The restricted distribution of the small-bodied G. pluraporosa sp. nov. overlaps that of G. nana (lineage nana4) in the northern Kimberley (Fig. 1). However, G. pluraporosa sp. nov. possesses numerous pre-cloacal pores in males (25–26 vs 10–22), the upper postnasal is larger than lower postnasal (vs similar in size in G. nana other species) and has a dorsal pattern with alternating poorly-defined pale and dark blotches or bars, overlain with pale stippling (vs relatively well-defined pale and dark spots not in contact on plain reddish-brown background in G. nana).
Gehyra nana most closely resembles G. paranana sp. nov., but differs in usually having 5 or 6 subdigital lamellae on the fourth toe whereas the latter usually has 7. In addition, the pale spots in G. nana tend to be smaller than the dark spots, whereas in G. paranana sp. nov. they are approximately equal in size, and the spots on G. nana also tend to be clearer than those of G. paranana sp. nov. (cf. Fig. 5, 7 vs 9 in Doughty et al. 2018). 
CommentBelongs to the Gehyra variegata-punctata species complex, or more specifically to the G. nana complex that has a number of undescribed species (Moritz et al. 2017).

Habitat. This species has been collected from sandstone and other rock formations in open woodlands. Occurs under large flat rocks on open sandstone platforms as well as rocky creeks and gorges, including scree. Occasionally found on trees, but always near rocky outcrops. It is generally found among small boulders and loose rock rubble, but can occur on larger open rock faces in the absence of larger Gehyra species such as G. koira Horner or G. pseudopunctata sp. nov.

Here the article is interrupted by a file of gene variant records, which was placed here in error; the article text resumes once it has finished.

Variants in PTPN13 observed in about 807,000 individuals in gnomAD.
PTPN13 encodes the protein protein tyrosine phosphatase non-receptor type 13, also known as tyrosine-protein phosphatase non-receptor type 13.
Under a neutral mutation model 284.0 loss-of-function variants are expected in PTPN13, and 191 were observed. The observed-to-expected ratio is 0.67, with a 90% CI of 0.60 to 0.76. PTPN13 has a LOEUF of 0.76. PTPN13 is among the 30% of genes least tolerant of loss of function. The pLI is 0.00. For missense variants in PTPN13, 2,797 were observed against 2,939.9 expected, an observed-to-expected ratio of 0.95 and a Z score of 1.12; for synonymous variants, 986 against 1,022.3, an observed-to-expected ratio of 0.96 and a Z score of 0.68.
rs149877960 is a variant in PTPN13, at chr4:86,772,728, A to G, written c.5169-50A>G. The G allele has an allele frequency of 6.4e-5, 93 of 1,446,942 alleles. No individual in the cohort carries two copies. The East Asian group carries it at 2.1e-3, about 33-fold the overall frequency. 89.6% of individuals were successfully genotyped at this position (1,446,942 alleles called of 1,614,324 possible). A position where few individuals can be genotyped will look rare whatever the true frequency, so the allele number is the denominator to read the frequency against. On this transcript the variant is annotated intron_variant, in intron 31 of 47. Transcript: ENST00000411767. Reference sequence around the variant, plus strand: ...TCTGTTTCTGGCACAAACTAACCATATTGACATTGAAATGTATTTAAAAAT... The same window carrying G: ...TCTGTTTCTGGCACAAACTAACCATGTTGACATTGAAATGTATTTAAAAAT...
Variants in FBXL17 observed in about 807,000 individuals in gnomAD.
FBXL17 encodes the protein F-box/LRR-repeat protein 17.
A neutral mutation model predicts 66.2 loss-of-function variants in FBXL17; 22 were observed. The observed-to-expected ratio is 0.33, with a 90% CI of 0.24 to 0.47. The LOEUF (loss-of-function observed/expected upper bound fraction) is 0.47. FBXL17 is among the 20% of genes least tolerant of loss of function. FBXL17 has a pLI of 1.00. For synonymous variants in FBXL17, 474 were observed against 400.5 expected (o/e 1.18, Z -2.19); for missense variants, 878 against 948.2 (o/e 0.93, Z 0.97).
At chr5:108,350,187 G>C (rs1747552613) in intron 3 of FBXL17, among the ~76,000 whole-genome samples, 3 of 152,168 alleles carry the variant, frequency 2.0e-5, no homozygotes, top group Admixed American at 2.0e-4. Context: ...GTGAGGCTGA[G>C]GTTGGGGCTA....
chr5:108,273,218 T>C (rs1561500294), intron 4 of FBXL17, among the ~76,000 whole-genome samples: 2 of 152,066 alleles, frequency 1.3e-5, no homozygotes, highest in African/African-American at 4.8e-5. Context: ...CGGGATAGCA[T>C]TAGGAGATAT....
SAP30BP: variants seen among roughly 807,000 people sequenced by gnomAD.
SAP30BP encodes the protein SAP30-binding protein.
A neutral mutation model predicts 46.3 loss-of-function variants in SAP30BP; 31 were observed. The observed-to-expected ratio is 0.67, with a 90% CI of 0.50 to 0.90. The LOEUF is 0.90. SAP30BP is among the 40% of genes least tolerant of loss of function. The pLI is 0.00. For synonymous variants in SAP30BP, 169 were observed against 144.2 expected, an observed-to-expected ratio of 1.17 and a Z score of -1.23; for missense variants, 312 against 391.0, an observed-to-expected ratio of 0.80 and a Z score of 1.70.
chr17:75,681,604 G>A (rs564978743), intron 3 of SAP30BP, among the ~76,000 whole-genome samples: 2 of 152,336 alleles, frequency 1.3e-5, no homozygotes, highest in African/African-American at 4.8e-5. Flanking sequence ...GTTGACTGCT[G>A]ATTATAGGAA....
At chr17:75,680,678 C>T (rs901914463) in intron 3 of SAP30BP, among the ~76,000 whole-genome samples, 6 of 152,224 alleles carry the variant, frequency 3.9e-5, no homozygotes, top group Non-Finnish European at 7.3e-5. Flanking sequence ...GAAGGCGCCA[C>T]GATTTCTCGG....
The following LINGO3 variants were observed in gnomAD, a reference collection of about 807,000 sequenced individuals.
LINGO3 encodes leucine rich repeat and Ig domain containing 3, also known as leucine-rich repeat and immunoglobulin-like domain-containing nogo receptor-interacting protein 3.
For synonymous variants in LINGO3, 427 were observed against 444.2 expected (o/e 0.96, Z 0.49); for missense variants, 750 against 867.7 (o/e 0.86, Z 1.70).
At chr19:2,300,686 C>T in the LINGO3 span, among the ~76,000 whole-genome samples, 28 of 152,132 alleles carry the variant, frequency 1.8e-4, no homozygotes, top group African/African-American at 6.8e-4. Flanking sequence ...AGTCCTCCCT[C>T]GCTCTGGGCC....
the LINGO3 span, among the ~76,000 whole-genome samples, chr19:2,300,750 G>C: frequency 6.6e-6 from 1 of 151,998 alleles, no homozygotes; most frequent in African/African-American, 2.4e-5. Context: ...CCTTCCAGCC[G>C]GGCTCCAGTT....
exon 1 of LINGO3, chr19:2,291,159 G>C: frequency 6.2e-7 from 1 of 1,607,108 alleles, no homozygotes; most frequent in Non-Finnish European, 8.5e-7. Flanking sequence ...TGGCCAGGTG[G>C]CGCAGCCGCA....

EtymologyStorr used the word nana (Latin), meaning small, to describe this small-bodied species relative to larger forms of Gehyra. 
References
  • Cogger, H. G. 2014. Reptiles and Amphibians of Australia, 7th ed. CSIRO Publishing, xxx + 1033 pp.
  • Cogger, H.G. 2000. Reptiles and Amphibians of Australia, 6th ed. Ralph Curtis Publishing, Sanibel Island, 808 pp.
  • DOUGHTY, PAUL; GAYLEEN BOURKE, LEONARDO G. TEDESCHI, RENAE C. PRATT, PAUL M. OLIVER, RUSSELL A. PALMER, CRAIG MORITZ 2018. Species delimitation in the Gehyra nana (Squamata: Gekkonidae) complex: cryptic and divergent morphological evolution in the Australian Monsoonal Tropics, with the description of four new species Zootaxa 4403 (2): 201–244 - get paper here
  • Ellis, Ryan J.; Paul Doughty and Aaron M. Bauer 2018. An annotated type catalogue of the geckos and pygopods (Squamata: Gekkota: Carphodactylidae, Diplodactylidae, Gekkonidae, Pygopodidae) in the collection of the Western Australian Museum Records of the Western Australian Museum 33: 051–094 - get paper here
  • Moritz, C. C., Pratt, R. C., Bank, S., Bourke, G., Bragg, J. G., Doughty, P., Keogh, J. S., Laver, R. J., Potter, S., Teasdale, L. C., Tedeschi, L. G. and Oliver, P. M. 2017. Cryptic lineage diversity, body size divergence, and sympatry in a species complex of Australian lizards (Gehyra). Evolution doi:10.1111/evo.13380 - get paper here
  • OLIVER, PAUL M.; GAYLEEN BOURKE, RENAE C. PRATT, PAUL DOUGHTY, CRAIG MORITZ 2016. Systematics of small Gehyra (Squamata: Gekkonidae) of the southern Kimberley, Western Australia: redescription of G. kimberleyi Börner & Schüttler, 1983 and description of a new restricted range species Zootaxa 4107 (1): 049–064 - get paper here
  • Storr, G. M. 1978. Seven new gekkonid lizards from Western Australia. Rec. West. Aust. Mus. 6: 337-352 - get paper here
  • Wilson, S. & Swan, G. 2010. A complete guide to reptiles of Australia, 3rd ed. Chatswood: New Holland, 558 pp.